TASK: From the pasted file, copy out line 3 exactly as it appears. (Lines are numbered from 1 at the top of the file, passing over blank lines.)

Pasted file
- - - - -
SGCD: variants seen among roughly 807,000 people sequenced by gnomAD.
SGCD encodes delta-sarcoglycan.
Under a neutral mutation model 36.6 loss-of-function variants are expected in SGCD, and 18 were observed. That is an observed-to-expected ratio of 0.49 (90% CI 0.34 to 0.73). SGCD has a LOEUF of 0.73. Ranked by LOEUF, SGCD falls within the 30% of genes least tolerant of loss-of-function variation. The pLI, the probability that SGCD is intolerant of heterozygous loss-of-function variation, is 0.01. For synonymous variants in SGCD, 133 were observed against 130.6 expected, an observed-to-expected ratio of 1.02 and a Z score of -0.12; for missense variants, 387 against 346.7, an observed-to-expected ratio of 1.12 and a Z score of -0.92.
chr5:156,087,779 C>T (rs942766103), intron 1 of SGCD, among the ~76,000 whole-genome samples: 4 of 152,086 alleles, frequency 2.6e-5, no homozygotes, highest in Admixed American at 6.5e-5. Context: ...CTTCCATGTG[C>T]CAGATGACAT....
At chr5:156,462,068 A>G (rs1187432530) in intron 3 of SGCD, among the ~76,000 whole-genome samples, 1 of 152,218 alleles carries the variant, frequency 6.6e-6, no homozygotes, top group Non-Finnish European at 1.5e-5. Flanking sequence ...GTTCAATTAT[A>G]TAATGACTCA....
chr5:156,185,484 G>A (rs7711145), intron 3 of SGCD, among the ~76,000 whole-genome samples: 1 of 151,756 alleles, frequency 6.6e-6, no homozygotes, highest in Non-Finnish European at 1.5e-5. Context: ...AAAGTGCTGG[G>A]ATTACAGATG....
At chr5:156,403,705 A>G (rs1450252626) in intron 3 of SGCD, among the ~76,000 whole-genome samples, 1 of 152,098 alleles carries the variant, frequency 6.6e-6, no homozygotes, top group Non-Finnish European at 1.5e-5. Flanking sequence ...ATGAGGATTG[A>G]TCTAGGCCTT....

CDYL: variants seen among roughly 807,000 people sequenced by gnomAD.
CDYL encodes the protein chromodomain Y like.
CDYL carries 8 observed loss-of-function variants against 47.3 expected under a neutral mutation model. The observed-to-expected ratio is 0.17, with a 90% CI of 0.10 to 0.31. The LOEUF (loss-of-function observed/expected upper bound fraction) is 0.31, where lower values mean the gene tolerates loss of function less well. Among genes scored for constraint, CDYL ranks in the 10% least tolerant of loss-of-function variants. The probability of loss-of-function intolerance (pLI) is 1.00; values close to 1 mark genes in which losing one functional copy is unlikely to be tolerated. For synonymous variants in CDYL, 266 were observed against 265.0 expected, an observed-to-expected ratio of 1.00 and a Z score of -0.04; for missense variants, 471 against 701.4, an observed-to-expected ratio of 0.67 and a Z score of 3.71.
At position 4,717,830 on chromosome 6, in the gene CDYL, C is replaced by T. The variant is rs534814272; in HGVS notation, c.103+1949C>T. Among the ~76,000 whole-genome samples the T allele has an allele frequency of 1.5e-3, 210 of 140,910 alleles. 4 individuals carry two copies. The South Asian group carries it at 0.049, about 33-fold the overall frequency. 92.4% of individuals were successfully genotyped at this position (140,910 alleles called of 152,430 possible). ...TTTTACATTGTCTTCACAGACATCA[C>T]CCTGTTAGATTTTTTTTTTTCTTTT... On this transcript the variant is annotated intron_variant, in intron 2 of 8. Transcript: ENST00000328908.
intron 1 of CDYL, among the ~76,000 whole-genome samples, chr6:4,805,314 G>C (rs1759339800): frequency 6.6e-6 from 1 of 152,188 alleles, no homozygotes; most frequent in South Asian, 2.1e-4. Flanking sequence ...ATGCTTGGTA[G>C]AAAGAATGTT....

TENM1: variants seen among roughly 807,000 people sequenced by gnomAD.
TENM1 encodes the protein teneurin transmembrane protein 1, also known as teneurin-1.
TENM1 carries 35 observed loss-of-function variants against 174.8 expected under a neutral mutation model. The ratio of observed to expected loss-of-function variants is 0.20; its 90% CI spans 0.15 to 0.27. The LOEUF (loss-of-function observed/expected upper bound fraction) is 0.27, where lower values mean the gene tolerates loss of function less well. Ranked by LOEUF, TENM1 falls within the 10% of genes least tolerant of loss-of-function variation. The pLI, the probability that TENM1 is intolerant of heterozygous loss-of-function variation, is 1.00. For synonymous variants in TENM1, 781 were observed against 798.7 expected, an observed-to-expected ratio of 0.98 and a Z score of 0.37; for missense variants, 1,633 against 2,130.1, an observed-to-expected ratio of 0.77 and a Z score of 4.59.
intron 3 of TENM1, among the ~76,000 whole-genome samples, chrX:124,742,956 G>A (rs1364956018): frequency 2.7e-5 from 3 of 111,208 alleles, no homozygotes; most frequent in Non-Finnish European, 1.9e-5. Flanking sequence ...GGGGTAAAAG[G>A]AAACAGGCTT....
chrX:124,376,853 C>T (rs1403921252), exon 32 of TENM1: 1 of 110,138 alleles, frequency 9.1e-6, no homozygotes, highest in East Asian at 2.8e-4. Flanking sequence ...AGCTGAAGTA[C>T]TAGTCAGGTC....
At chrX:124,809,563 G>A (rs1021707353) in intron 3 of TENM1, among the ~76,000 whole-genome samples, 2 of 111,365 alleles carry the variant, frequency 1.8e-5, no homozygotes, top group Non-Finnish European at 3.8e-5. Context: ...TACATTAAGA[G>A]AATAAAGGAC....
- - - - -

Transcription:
Under a neutral mutation model 36.6 loss-of-function variants are expected in SGCD, and 18 were observed. That is an observed-to-expected ratio of 0.49 (90% CI 0.34 to 0.73). SGCD has a LOEUF of 0.73. Ranked by LOEUF, SGCD falls within the 30% of genes least tolerant of loss-of-function variation. The pLI, the probability that SGCD is intolerant of heterozygous loss-of-function variation, is 0.01. For synonymous variants in SGCD, 133 were observed against 130.6 expected, an observed-to-expected ratio of 1.02 and a Z score of -0.12; for missense variants, 387 against 346.7, an observed-to-expected ratio of 1.12 and a Z score of -0.92.